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The Red River Resistance led by the Métis was sparked in 1869 by the Hudson’s Bay Company decision to surrender Rupert’s Land to the newly formed Dominion of Canada with little regard for the people who lived there. The Métis of the Red River Colony were concerned about culture and land title and with no assurances of their rights, feared losing their farms and livelihoods. As government surveyors began to assess their settlements according to an English-Canadian system, the Red River Métis under the leadership of Louis Riel rebelled and formed their own provisional government to negotiate terms for entering Confederation. The events of the Red River Resistance led to the creation of the Province of Manitoba in 1870.

A second Métis resistance in 1885, the Northwest Rebellion, grew out of similar frustrations regarding land, language and religious rights in the District of Saskatchewan. They drew the support of Cree and Blackfoot nations and others whose communities were suffering because of the decline of the bison. Led again by Riel, the Métis and several First Nations went to war against the Canadian government. But they were unsuccessful in their fight and Louis Riel surrendered on May 15, 1885, during the Battle of Batoche. On November 16, he was hanged for treason.


Olivia Marie Golosky speaks about Louis Riel, with transcription. 

Belle was in her second year at Wesleyan Ladies College in Ontario when the Red River Resistance began. She was likely exposed to anti-Métis sentiment but was protected from being a target of it herself because of her family’s ties to the Canadian government.

Handwritten letter (see Gallery Page for content)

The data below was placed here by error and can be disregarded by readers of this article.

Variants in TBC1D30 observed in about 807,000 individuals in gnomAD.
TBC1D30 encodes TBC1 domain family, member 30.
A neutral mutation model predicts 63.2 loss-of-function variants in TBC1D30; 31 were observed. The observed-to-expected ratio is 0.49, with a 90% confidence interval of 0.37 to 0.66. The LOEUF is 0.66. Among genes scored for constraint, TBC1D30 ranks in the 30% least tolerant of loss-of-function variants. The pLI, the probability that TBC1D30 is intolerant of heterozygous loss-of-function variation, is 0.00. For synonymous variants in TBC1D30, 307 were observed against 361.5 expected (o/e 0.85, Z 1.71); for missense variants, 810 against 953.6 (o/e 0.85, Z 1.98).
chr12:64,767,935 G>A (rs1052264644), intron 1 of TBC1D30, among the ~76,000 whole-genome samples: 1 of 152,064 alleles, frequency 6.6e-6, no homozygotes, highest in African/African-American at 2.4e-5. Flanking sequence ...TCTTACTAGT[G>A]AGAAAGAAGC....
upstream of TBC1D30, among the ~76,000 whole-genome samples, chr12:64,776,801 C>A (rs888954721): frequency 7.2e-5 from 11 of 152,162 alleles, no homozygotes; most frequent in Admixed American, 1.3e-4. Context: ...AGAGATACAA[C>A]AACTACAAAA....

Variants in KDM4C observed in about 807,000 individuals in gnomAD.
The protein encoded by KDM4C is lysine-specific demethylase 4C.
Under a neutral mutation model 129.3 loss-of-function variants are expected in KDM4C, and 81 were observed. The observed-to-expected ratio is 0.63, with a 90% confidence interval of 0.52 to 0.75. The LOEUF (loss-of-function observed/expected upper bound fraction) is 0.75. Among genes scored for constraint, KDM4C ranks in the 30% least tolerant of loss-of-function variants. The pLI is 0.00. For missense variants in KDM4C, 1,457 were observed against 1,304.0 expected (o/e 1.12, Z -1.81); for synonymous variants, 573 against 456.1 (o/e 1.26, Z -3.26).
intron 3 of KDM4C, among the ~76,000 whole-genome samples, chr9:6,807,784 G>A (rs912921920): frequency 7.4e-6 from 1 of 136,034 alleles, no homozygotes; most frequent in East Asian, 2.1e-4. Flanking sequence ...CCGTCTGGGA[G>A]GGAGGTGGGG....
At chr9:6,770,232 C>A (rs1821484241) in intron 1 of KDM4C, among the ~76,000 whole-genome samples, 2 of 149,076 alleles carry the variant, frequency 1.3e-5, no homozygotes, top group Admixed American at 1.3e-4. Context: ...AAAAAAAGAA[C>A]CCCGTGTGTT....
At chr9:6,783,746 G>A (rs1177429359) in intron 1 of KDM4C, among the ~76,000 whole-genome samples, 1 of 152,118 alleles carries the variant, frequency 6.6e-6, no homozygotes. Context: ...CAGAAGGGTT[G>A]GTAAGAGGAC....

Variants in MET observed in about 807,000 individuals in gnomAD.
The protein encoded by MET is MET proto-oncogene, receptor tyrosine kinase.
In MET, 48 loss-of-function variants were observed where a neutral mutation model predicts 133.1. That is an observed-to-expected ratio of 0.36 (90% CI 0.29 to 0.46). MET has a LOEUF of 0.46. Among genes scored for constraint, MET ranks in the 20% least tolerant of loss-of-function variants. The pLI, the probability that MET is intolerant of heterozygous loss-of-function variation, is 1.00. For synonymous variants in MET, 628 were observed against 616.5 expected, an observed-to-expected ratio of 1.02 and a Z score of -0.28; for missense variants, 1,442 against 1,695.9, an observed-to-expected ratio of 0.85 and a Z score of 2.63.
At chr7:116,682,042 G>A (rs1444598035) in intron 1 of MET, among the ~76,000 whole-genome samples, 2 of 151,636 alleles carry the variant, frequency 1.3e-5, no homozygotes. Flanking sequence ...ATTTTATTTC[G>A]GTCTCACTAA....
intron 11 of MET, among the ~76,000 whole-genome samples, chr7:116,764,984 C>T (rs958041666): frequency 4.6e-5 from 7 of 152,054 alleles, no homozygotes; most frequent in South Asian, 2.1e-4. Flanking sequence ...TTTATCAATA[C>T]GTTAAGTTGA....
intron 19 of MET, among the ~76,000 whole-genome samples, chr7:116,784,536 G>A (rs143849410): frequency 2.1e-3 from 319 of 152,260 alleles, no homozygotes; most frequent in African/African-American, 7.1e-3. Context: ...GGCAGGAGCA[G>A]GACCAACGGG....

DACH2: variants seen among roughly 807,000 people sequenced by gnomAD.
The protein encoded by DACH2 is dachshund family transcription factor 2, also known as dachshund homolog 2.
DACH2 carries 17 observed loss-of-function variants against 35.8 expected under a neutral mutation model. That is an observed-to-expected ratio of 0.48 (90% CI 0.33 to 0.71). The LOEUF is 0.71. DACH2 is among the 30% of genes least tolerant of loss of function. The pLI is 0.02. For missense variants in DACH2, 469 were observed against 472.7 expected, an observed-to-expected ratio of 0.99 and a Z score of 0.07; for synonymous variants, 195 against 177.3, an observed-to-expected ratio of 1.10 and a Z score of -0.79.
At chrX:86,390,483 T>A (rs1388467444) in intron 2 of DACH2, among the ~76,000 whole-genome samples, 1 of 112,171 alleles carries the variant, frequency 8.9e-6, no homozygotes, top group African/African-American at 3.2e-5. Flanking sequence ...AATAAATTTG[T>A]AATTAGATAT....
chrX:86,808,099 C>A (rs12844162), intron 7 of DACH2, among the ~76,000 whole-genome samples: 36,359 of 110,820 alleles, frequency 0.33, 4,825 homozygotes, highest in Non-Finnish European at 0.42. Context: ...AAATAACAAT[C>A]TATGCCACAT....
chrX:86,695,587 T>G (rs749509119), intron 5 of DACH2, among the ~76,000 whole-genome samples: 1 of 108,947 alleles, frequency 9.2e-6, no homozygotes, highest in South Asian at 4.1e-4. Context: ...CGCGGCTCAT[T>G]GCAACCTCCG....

Letter from William Hardisty to Miss Davis, July 10, 1870. Manitoba Archives.

Belle’s aunt, Isabella Sophia Hardisty Smith, was married to Donald Alexander Smith who played a crucial role in the negotiations between Canada and Louis Riel. On December 10, 1869, Prime Minister John A. Macdonald sent Smith to bargain with the leaders at Red River by offering employment and money to those who would cooperate with the government. Smith commandeered Belle’s uncle, Richard Charles Hardisty, to join him on the mission and saw Richard Charles held at Fort Garry by Riel. He was released shortly after as Smith continued negotiating with the Métis. Smith met directly with Riel on several occasions including during the winter of 1870 when Riel was considering hanging Thomas Scott, a government surveyor. Smith and Hardisty left Fort Garry on March 19, 1870, two weeks after Scott was executed.

Formal photo of Dick Hardisty as young man in a suit.

Dick Hardisty, c.1880s. Manitoba Archives N32580.

In 1885, a year after Belle and James were married, her brother, Richard Robert “Dick” Hardisty returned to Canada having served with the British army on the Nile Expedition of 1884. He was promptly sent to battle as a private in the Canadian army. He fought at the Battle of Fish Creek in April then the Battle of Batoche in May. Dick was killed in action on May 12 by a gunshot wound to the head. The Winnipeg Daily Sun reported on his death and noted “there [was] general regret in the camp, Dick being a favourite.”[1] He was described as “the life of his friends.”[2] He was laid to rest in Winnipeg on May 24 and Belle and her family presumably attended the funeral. It drew a gathering so large, its size was “never before seen in Winnipeg or the North West.”[3]

Belle did not comment publicly on the Northwest Rebellion or the Battle of Batoche despite her family’s involvement with the Canadian government. Discretion in responding to political affairs was necessary in her new role as James’s wife. However, in 2001, Belle’s grandson, Donald Lougheed, revealed to the Calgary Herald that she spoke of the rebellions in private.

“She told me about her brother who was killed at Batoche… I remember her talking about Riel… She would have been terribly upset with all this talk of Riel today.”[4]

The Métis rebellions affected Belle not only because one of them claimed the life of her brother but also because they may have intensified the conflict within her which pitted her sense of identity against her desire to meet society’s expectations of her.

[1] George Flinn, Winnipeg Daily Sun, May 14, 1885, p. 1

[2] As cited in: Doris Jeanne Mackinnon, Métis Pioneers, University of Alberta Press, 2018, p. 66

[3] Doris Jeanne Mackinnon, Métis Pioneers, University of Alberta Press, 2018, p. 66

[4] “A Daughter of the West Who Made a Difference,” Calgary Herald, December 30, 2001